Study Suggests More Than 25 Million Could Lose Employer-Based Health Insurance In Recession

06 May, 2020 F.J. Thomas


Sarasota, FL ( – The rising unemployment rate is expected to radically change the insurance environment and have far-reaching effects as employers lay off workers or go out of business, and as suddenly uninsured employees enroll in state backed Medicaid plans or Affordable Care Act (ACA) marketplace plans.

In a recent Reuters survey, economists polled from the Federal Reserve Bank of Chicago estimated the unemployment rate to hit between 25.1 and 34.6 percent, somewhat higher than the average 16 to 20 percent that most are predicting. If the unemployment rate reaches 20 percent, as conservative estimates are predicting, between 25 to 43 million could lose their employer-based health insurance, according to a new report from the Urban Institute.

In March, it is estimated that 160 million people under the age of 65 had insurance through an employer. From March 15th to April 25th, 30 million of those insured workers – roughly 18.7 percent – filed for unemployment.

According to the Urban Institute analysis, in those states that expanded their Medicaid coverage under the ACA, more than half of the unemployed can obtain insurance coverage. In the 15 states that did not expand their Medicaid coverage, only a third of the unemployed will have access to coverage.  The analysis estimates that less than a quarter of the unemployed workers and their families will not have coverage in the expanded states. By comparison, in the states with no expansion, around 40 percent of the unemployed population will be uninsured.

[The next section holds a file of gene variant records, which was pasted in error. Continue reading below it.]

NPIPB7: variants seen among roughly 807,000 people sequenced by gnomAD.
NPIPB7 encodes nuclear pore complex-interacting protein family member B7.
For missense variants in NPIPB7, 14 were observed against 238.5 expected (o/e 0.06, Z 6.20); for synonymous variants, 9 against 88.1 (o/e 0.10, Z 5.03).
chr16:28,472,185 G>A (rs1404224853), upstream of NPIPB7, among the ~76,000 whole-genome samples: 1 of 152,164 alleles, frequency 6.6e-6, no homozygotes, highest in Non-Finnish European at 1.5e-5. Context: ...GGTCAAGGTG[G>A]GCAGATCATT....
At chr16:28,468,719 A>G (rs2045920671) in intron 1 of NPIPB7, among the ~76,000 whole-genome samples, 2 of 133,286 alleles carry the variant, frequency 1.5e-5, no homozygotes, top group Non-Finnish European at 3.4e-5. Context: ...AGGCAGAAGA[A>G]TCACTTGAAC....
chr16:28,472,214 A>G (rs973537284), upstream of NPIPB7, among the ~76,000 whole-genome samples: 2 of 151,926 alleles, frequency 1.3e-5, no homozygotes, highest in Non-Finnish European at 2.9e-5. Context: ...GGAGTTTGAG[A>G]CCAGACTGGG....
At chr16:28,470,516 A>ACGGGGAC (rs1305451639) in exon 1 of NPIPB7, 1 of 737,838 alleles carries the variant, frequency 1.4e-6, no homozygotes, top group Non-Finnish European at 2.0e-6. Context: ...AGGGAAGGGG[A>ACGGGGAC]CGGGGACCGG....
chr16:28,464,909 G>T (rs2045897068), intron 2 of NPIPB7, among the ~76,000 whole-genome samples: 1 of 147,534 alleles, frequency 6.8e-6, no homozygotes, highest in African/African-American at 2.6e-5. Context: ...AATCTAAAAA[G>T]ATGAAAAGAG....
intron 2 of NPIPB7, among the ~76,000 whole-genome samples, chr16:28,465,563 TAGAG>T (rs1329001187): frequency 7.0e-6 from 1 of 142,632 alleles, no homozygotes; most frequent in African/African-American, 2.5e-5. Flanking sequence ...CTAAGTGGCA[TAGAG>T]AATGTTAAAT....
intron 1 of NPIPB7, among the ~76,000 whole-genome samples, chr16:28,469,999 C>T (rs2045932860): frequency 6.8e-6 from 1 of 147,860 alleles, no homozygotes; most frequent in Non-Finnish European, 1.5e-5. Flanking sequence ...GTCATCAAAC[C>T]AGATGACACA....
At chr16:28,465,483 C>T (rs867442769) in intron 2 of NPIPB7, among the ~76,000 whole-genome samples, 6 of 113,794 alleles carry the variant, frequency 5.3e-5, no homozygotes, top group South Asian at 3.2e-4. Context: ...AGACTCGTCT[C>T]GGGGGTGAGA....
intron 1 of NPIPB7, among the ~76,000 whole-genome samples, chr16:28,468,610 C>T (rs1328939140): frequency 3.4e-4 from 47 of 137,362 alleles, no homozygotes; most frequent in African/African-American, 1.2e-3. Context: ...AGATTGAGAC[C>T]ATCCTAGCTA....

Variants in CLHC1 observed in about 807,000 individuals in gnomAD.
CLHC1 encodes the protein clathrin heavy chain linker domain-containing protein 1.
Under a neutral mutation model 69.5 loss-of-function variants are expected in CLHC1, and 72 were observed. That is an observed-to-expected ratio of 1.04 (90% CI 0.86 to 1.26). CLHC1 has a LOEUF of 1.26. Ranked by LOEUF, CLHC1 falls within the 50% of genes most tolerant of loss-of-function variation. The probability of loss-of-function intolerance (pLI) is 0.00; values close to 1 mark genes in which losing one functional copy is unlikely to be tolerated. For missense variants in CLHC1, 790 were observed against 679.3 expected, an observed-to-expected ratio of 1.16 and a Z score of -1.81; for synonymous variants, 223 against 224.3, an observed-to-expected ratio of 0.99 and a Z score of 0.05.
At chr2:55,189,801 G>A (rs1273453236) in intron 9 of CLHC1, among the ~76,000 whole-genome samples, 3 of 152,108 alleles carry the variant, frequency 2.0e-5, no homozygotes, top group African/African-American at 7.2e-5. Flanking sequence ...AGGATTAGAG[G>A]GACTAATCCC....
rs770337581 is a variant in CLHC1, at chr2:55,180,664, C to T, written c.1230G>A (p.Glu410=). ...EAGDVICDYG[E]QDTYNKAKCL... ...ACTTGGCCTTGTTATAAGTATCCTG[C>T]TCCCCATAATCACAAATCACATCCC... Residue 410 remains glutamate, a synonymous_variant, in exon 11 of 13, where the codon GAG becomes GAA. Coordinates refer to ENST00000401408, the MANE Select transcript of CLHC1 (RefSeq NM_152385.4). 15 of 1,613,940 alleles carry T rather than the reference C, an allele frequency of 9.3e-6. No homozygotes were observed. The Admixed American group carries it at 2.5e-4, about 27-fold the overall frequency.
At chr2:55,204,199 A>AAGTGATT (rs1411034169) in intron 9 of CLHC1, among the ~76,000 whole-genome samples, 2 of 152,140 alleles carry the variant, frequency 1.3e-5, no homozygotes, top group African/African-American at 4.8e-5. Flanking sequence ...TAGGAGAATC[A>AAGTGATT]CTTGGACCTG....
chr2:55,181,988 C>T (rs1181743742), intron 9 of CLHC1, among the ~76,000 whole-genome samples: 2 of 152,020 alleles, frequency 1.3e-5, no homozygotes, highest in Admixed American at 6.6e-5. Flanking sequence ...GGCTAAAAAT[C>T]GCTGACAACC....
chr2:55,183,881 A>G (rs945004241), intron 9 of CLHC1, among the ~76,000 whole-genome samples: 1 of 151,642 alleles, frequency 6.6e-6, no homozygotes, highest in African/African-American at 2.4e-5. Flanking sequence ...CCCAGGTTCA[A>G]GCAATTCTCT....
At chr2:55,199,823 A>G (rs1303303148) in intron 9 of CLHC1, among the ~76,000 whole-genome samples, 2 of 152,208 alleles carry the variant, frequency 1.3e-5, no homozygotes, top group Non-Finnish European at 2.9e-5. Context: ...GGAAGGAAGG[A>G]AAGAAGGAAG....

The researchers suggested several options to address the lack of coverage, such as temporarily expanding Medicaid coverage in non-expanded states. Other options included subsidies to help pay COBRA, increasing the income requirements on subsidies for premiums, and enhancing Medicaid matching rates.

With such a large number of workers losing coverage and transferring that financial burden over to the states, one has to wonder what are the long-term effects for the insurance industry as a whole, and how the increased financial burden will potentially influence other state-run programs; such as, the impact on those carriers that offer health insurance and workers compensation, the impact be on state workers’ compensation programs, and the effect on those providers whose business is largely workers’ compensation.

In an April report from NCCI, the most common side effects seen so far for the workers’ compensation industry have been reduced premiums, challenges in access to care, and outcomes due to delayed treatment.

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    About The Author

    • F.J. Thomas

      F.J. Thomas has worked in healthcare business for more than fifteen years in Tennessee. Her experience as a contract appeals analyst has given her an intimate grasp of the inner workings of both the provider and insurance world. Knowing first hand that the industry is constantly changing, she strives to find resources and information you can use.

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